Southbank concert review

Posted by Richard Poole on 14 July 2014

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The Queen Elizabeth Hall on London’s South Bank saw the premiere of the latest work commissioned by Foden’s Band alongside Composer in Residence, Andy Scott.   

The twentieth new work to be presented over the weekend, it provided the culmination of a celebration of new music promoted by the Performing Rights Society together with other Arts organisations in England and Scotland.  

Admission was free, and although initial publicity had spoken of 100 tickets being available, considerably more gathered expectantly in the hall.

Illuminating discussion

The work was actually performed twice; separated by a discussion about its genesis involving composer Andy Scott, and conductor Michael Fowles.  It was the first time the composer had worked with a text, one which focused on historical events from the early 1970s when his family fostered a young Asian child fleeing Idi Amin’s repulsive Ugandan regime.  

Both Michael and Andy spoke of the learning curve they had experienced working together over the past few years exploring new textures and sound possibilities; in particular resolving balance problems in the work itself - which features a harpist and a soprano voice.

Vivid, challenging writing

The music started vividly, mirroring the turmoil from which the child had come; punctuated solos focused from flugel, cornet and euphonium.  As the textures changed, introducing the harp and more muted colours, the soprano narrator alternated between expressing the anguish of the boy (‘Where are my family’) and the opposition he faced (‘Get out of here’).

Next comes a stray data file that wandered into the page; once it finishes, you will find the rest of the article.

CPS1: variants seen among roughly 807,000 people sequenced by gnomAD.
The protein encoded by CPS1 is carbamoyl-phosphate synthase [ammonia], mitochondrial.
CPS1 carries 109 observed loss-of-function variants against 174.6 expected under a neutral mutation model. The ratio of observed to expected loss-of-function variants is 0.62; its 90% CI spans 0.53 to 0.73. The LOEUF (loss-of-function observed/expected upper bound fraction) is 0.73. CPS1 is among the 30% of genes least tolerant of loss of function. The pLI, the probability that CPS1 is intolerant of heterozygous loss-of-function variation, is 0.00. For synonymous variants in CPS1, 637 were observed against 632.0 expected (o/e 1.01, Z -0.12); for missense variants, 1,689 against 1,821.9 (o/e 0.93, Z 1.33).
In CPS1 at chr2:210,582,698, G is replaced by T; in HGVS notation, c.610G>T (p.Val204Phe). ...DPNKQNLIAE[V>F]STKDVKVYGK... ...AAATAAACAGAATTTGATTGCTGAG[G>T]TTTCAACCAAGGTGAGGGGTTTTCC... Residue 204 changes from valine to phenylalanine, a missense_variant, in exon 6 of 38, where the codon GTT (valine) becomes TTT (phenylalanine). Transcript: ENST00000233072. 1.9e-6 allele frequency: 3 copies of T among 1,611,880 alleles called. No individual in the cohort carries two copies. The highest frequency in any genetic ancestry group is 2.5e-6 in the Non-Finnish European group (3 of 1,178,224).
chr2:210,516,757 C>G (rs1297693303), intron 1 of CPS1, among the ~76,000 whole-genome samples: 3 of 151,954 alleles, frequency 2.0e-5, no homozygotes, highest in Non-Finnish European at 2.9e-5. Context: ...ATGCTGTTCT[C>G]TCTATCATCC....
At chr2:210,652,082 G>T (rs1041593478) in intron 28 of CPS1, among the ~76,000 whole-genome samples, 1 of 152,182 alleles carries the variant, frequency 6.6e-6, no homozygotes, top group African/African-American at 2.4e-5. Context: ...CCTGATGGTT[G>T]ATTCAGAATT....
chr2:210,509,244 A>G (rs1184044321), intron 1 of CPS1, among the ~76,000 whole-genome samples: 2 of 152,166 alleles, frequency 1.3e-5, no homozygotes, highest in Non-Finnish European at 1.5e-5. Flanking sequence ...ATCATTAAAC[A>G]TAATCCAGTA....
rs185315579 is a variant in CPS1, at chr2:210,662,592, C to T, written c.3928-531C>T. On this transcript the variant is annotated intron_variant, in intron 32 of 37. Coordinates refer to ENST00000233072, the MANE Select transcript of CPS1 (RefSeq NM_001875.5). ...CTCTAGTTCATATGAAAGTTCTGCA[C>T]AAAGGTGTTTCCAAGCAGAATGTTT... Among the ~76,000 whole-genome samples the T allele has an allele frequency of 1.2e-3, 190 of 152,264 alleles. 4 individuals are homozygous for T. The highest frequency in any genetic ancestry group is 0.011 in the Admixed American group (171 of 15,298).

The use of vibraphone alongside the harp was particularly effective, as were the tubular bells lowered into water to bend their pitch - echoing a sense of dislocation and fear.

Youth input

Four members of the Foden’s Youth Band shared elements of the narration, before taking up their place in the ensemble, whilst an interlude for harp and voice reflected on the reactions of some (and only some) of the people the child met in the UK - a reflection of the patronising and condescending attitudes of the time - frequently racist and xenophobic.  

The feeling of alienation was very clear, the vocal line projecting over driving big-band style writing, with John Barber and Helen Williams in particular featured as focused, emotive soloists. 

Conciliation

When the youngsters returned, it was with words of conciliation and understanding.  The work ended with Anne-Clare’s soprano voice powering over the band with a sense of warm humanity.

‘A Child Like You’ is a composition that is hard to categorize - at times showing elements of Kurt Weill’s theatre works, sometimes reminiscent of Honneger’s ‘Jeanne d’Arc au Bucher’. 

It is however an immensely powerful, emotive and very relevant work that reflects attitudes and circumstances of this or any other era.

Peter Bale

For any conductor and every audience, Foden’s Band is a musical Magic Carpet. It continually takes the listener to places that few other ensembles rarely even approach Howard Snell